besides the personal toll, which is potentially devastating for families already, what else troubles the president at this point? >> about the crash? >> yeah. >> look, what's troubling is we don't know the answer yes. the malaysia government is in the lead. the president dedicated his administration to direct the resources is necessary to help them. we have the fbi. we have naval assets look for the plane. the national transportation safety board is on the ground trying to figure out what happened. we need the answers. >> do you have specific evidence that points to a plot of any kind? >> it's too early to rule anything in or out. we don't know the any information. >> any elevated chatter the government is concerned about in terror circles? >> not necessarily around this. we have to get to the bottom of what's happening here. >> the question about security, a lot of people look at the situation and say, wow, could a plane originating in the united states experience this kind of trouble, this kind of criminal act? does the president want to see any additional reviews around our own security? >> i think we have to figure out
what happened here and then go back into an after action report and see what could be done better. we don't know the enough to know exactly how the this would impact the united states in the future. >> let me move onto the big developing story in ukraine. is crimea lost at this point? >> look, we are putting as much pressure on the russians as we can to do the right thing. we have given them the opportunity and the path to de-escalate and get this in the right place. theft know there are costs to their action here. the costs are economic, the russian economy, the russian stock market and the ruble are at five-year lows. russia's isolated in the world. you saw that in the u.n. security council yesterday. the more they escalate, the longer this goes, the higher the cost will be. >> there's still a concern there might be an attempt to move into eastern ukraine, maybe even militarily move into crimea further. do you think that's going to happen, starting with crimea? >> first as relates to the referendum, as we have said, this is in violation of
international law. the united states is not going to recognize the results of that referendum ,and we are working with our partners around the world, the europeans in particular, to marshall forces against the russians to put pressure on them in the form of sanctions. the president has signed an executive order last week that gives him authority to do this. you can expect sanction designations in the coming days. >> if there is a move militarily into the rest of the ukraine, how important is it from the president's point of view to send military aid to ukraine to be able to protect itself? >> supporting the new ukrainian government is the top of our priority list. we're looking at all ways of assistance. we're going to keep talking to -- >> would the president call on congress to pass more military aid for ukraine? >> we are calling on them right now to pass economic aid for ukraine. there's a bill that came out of the senate foreign relations committee last week. they should do that and we're going to keep working this as much as we can. >> is eastern ukraine the new red line here? >> what we have do, everything the russians have done this far is in violation of international law and bad for peace and stability in the region and bad for the russians.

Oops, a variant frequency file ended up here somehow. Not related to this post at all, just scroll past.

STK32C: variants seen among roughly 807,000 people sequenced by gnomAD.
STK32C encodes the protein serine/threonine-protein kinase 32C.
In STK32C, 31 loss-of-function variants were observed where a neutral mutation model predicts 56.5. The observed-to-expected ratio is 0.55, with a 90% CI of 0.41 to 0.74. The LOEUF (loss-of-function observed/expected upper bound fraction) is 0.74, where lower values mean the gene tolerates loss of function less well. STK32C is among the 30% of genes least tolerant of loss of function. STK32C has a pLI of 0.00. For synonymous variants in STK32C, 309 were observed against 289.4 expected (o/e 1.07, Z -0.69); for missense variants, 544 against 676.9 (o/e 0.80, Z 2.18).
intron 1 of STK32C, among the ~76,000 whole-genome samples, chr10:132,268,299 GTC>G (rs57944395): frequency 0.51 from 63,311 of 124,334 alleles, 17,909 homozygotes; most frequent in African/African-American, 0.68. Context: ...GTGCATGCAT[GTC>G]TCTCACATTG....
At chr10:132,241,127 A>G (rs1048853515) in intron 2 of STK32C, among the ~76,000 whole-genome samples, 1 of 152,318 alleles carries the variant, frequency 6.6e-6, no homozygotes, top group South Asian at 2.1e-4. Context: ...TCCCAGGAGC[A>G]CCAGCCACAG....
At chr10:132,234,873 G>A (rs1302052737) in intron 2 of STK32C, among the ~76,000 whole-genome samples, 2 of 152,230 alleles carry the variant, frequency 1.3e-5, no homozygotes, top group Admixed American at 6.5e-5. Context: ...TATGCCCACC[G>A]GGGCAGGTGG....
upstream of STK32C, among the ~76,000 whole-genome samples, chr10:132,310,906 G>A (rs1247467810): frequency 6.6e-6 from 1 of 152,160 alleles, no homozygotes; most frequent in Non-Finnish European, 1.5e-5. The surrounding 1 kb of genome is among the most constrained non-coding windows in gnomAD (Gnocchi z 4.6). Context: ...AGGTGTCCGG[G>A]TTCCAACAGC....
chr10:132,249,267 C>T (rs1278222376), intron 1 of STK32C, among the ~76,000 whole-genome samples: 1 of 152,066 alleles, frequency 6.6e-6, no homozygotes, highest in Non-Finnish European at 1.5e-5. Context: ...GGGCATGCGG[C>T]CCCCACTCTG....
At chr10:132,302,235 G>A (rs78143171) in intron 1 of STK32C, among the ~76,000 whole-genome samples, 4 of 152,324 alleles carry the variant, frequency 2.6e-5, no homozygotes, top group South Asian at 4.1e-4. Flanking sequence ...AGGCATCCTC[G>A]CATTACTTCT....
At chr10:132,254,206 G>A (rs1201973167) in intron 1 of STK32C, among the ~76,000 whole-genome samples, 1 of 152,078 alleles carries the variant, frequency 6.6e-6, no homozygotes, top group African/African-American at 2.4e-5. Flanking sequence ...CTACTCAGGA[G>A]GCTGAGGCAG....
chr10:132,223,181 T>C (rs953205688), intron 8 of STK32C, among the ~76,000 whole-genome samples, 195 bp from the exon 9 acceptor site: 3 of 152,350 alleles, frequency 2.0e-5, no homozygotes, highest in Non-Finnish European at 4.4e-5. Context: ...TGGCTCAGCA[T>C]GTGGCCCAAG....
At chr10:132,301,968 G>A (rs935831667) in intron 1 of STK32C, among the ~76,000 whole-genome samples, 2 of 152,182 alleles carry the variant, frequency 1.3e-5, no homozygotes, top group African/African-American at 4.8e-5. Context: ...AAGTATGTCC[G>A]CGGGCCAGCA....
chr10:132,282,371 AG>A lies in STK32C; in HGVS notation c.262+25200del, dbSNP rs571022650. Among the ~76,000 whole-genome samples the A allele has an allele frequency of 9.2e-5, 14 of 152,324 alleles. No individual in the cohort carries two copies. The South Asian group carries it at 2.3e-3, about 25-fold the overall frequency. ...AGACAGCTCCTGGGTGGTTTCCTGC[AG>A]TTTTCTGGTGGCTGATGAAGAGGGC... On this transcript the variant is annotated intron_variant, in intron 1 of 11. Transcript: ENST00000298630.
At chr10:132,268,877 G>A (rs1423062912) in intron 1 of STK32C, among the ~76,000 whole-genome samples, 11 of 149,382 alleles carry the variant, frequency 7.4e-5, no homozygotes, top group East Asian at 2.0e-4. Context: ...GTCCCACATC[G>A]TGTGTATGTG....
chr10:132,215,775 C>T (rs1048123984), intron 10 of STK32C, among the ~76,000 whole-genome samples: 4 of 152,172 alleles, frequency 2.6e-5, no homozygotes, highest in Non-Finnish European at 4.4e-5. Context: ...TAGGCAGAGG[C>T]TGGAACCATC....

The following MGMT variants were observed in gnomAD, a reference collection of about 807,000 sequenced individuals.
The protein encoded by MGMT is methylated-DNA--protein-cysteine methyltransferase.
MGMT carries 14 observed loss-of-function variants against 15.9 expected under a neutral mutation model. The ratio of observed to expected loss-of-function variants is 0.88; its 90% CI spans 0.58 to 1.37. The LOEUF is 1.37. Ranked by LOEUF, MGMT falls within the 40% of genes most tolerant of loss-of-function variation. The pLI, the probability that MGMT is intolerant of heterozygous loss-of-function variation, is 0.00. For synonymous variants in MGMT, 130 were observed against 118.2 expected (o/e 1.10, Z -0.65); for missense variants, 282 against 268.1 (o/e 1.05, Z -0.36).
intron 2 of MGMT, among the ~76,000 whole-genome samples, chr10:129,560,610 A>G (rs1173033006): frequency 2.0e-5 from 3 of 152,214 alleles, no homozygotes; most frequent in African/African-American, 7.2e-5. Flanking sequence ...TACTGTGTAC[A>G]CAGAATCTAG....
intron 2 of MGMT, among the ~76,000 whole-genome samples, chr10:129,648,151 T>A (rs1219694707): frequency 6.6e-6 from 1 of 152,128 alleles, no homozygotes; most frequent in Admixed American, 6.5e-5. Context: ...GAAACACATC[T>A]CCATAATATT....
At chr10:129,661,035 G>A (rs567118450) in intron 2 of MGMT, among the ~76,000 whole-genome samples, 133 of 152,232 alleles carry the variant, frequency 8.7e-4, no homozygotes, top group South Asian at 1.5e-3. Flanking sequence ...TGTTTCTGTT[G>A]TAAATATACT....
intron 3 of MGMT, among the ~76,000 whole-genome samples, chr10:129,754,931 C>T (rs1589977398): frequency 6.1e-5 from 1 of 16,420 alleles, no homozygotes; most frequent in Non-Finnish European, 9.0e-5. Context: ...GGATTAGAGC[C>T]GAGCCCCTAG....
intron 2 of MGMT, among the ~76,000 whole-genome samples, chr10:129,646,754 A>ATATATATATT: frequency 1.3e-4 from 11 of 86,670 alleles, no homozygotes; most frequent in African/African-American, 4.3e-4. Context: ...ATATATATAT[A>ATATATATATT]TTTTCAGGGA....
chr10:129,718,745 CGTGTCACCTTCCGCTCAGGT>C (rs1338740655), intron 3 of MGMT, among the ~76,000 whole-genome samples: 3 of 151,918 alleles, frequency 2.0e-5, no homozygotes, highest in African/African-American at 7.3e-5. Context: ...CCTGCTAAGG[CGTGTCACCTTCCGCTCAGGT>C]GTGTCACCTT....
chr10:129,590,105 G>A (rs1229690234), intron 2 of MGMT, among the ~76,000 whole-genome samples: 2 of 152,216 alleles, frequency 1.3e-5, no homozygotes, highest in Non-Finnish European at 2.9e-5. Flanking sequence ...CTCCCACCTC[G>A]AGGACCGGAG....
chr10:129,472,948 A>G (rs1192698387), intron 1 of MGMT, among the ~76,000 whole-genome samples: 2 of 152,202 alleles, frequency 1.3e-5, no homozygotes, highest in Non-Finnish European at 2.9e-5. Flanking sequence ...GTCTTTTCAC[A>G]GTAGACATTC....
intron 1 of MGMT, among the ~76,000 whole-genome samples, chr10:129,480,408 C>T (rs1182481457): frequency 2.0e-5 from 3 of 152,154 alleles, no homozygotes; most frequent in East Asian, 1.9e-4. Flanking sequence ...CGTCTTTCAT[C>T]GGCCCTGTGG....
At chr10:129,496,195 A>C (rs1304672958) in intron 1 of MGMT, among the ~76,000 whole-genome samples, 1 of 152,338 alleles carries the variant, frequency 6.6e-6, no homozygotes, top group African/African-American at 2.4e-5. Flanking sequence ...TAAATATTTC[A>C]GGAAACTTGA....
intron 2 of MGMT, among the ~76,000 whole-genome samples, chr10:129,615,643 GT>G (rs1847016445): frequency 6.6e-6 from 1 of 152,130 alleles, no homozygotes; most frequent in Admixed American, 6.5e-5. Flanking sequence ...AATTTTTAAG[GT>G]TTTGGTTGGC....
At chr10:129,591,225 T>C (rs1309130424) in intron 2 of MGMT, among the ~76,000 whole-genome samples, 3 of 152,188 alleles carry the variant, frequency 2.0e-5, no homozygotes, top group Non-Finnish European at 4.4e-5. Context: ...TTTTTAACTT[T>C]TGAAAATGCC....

president putin has a choice about what he's going to do here, further hurt his economy, further diminish russian influence in the world or is he going to do the right thing. >> let's talk about domestic politics and the president's approval rating. we had a big poll out, "wall street journal," nbc news this week. here's what it found. overall job approval for the president 41%. handling the economy 41%. same number when it came to foreign policy. and here's what's striking. approval is 74% among democrats. sounds high but it's the lowest that the president's had in terms of his approval among democrats. you can't very well blame republicans for this. the president has really slipped. >> public polls are a little bit all over the map. another poll came out that showed the president gained six points in the last couple months. i've looked at a lot of data. there's no question that everyone in washington, the president included, took a big hit from the double whammy of a shutdown and healthcare.gov. we have stabilize and we're
working our way back. and we've gained three points in the last couple months. there's no question we have more work to do. >> there's so much disappointment in washington. but this is an election year and democrats are worried. and "the new york times" this morning, i've been reading, jonathan martin writes this, democrats are becoming increasingly alarmed about their midterm election fortunes among president obama's shrinking approval ratings. a loss in florida this past week, millions of dollars spent by republican aligned groups attacking the new health care law has let to uncharacteristic criticism of president obama and bitter complaints that his political organization has done little to help the party's vulnerable congressional candidates. >> look. there's no question this is a tough map for democrats. that's what happens when you win a lot of elections like we did in 2008. the good news is we have good candidates and we're on the right side of the issue that matters to most of the public. jobs and the economy. here's what the president's going to do. he is going to lay out the terms of the debate in this election as a choice between democrats